Tuesday, November 22, 2011

A new perspective on thanksgiving

A funny thing about Thanksgiving that I've been thinking a lot about recently....

As Americans, we think of the story of Thanksgiving like this: "The English pilgrims came to the New World, the winter was very hard, the Indians helped them, and they all gave thanks." From our perspective, the New World is one the white people discovered, and the Indians are kind of the foreigners with the strange costumes and customs, aren't they? At least, that's how I always envisioned it before.

But let's think on it a little longer and deeper, maybe from a new perspective:

A group of people, persecuted and oppressed in their own home country, without freedom to worship as they chose, in danger if they crossed the king... escaped their home country and found some safety in a refugee haven in a neighboring country, and then were given the chance to start over in a new home across the sea... families arrived in a world that is new to them, where they were wholly unfamiliar with the language or the methods of survival. They were lost and frustrated by their lack of understanding, and they came in the dead of winter. They had no experience or resources to offer the locals, much less to sustain them. They only had two things to depend on and trust - the faithfulness and care of God, and the compassion of the native people who had learned how to live and thrive here. The first, they were certain of... the second was still to be determined.

And what about the natives... how did they feel about this intrusion? Did they expect the new comers to conform to their way of life, learn their language, dress like them, build homes like theirs, contribute to their society? Did they secretly hope these dirty, poor creatures would get discouraged and go home, or that they wouldn't make it through the winter and come spring things would be back to normal?

However they might have felt initially, their choice of goodwill towards the refugees is evident by the celebration they shared a year later... eating food that the natives and refugees grew together, wearing warm coats they hunted together... brown and white children playing together in the harvested cornfields, women with long, braided black and blonde hair sharing stories through broken language phrases and laughter, men carving turkies with stone and steel knives...  What an awesome cross-cultural experience it must have been!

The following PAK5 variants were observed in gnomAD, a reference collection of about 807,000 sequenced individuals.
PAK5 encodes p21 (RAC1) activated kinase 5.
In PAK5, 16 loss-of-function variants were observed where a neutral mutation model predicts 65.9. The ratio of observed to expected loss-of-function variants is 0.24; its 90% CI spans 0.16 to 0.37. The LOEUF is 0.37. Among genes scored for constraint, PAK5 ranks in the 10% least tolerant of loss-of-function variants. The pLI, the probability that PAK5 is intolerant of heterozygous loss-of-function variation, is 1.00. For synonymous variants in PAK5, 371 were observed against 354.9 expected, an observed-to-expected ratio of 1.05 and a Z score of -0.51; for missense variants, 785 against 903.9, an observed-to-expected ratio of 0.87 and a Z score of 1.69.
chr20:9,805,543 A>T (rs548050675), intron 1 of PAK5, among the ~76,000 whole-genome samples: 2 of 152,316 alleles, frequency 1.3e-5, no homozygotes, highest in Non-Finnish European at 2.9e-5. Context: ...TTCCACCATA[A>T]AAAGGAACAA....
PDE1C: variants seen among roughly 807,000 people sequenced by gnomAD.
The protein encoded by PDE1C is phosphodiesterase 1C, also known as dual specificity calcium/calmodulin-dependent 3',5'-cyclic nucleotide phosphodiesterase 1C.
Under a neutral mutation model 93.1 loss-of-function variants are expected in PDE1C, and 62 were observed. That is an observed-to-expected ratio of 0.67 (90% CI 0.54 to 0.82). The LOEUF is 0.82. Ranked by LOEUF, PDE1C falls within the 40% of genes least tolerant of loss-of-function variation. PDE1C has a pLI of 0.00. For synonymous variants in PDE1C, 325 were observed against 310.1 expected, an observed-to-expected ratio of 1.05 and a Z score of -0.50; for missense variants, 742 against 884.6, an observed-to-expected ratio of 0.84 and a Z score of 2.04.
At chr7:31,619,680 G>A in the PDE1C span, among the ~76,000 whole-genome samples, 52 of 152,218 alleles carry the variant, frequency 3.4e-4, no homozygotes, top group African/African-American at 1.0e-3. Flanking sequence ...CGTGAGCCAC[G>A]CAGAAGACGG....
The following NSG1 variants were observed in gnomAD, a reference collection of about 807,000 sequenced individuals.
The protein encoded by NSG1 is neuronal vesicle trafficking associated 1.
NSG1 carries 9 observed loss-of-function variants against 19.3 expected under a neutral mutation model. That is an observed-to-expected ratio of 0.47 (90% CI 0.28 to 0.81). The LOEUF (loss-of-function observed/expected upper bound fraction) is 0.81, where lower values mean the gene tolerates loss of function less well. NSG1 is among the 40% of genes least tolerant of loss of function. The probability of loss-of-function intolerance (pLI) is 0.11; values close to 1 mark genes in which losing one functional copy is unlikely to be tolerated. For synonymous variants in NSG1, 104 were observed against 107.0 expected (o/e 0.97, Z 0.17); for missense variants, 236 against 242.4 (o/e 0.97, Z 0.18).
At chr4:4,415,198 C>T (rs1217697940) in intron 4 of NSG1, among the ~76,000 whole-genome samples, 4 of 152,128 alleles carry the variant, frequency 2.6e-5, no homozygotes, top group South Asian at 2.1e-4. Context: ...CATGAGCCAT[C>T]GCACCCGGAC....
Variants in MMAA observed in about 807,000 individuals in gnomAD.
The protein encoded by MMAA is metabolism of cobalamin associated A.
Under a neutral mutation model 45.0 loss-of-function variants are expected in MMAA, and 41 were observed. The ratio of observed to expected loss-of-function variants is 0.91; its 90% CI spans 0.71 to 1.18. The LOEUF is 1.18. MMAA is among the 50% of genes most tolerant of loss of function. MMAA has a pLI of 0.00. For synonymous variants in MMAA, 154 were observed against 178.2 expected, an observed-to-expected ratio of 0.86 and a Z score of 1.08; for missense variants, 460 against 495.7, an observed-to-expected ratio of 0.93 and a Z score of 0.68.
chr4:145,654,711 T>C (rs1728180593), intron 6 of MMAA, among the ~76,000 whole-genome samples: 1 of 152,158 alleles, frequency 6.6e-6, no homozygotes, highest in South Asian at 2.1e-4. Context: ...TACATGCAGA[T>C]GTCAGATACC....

And they thanked God together... thanked God for health and family and food and new friends... thanked God for his provision and grace and mercy... thanked God for his heart for people of all languages and cultures, for those who are in need and those he has prepared to come to the aid of those in need... thanked God for his passion for relationship and the concern and attention he gives to every person, every family, in every corner of the world.

So much to be thankful for, whether we are the natives or the refugees... so thank God.

Sunday, November 20, 2011

My really awesome weekend

"Sounded like you were having a fun English lesson," Hannah commented on our way home from my student's house. I figured she was referring to the level of giggles she overheard for most of an hour. "Oh, it's fun alright, trying to explain the purpose of the English future-perfect-progressive tense... Do you realize how confusing it is when we use a future reference point to talk about an event that hasn't happened yet but will happen at some point and will continue on to another point in the future and then stop so that it will be in the past for an even further future point?!" Poor Hannah replied, "Well, when you put it that way, it doesn't sound as fun..."

I felt bad for snapping at my kindred spirit friend, and for complaining about grammar nuances, a topic I really do enjoy. But by that point, on Friday evening at 5:30, I realized I'd spent 18 hours this week trying to explain grammar, and it was starting to annoy me. I felt stressed and overwhelmed, and needed a break - a really good break, without lesson plans or short simple sentences or reasons why we talk the way we do. And Thanksgiving break was still three days away... how could God redeem and bless those three days?

Friday night, Hannah and I attended a four-course banquet for local Christian arts programs. During each course, the programs would give a sample of what they do - dancing, singing, acting, and mime-ing. It was really quite enjoyable - the food was delicious and the performances were very well-done. And I love local community stuff, so it was fun to see what sort of things Fort Wayne has to offer.

Saturday, some of the youth night boys came over and raked my yard at Little Burma. They were so wonderful - they worked hard and had a terrific attitude! The best part was that they came in our house when they were finished, sat around our table with us, and enjoyed dessert and hot chocolate. They were really fun to hang out with, and we got to know them a little more personally, which totally made my day.

That night, we got to go to church as Gospel Community, which I really love. The message was powerful and challenging and encouraging, and just exactly what I needed. And afterward, we got to talk for about an hour with several great people who are becoming new friends.

Today we attended Restoration Church, a predominantly African church that does awesome worship. After a service that was truly an act of thanksgiving to God, we stayed and had a big lunch with our African friends. There were brand new babies to hold, six kinds of rice to eat, and plenty of French phrases to mimic! Love and blessings abound and overflow when we are with our international friends.

I've gotta go now to pack, because the best is yet to come - tomorrow a roadtrip to North Carolina and a week with my family!!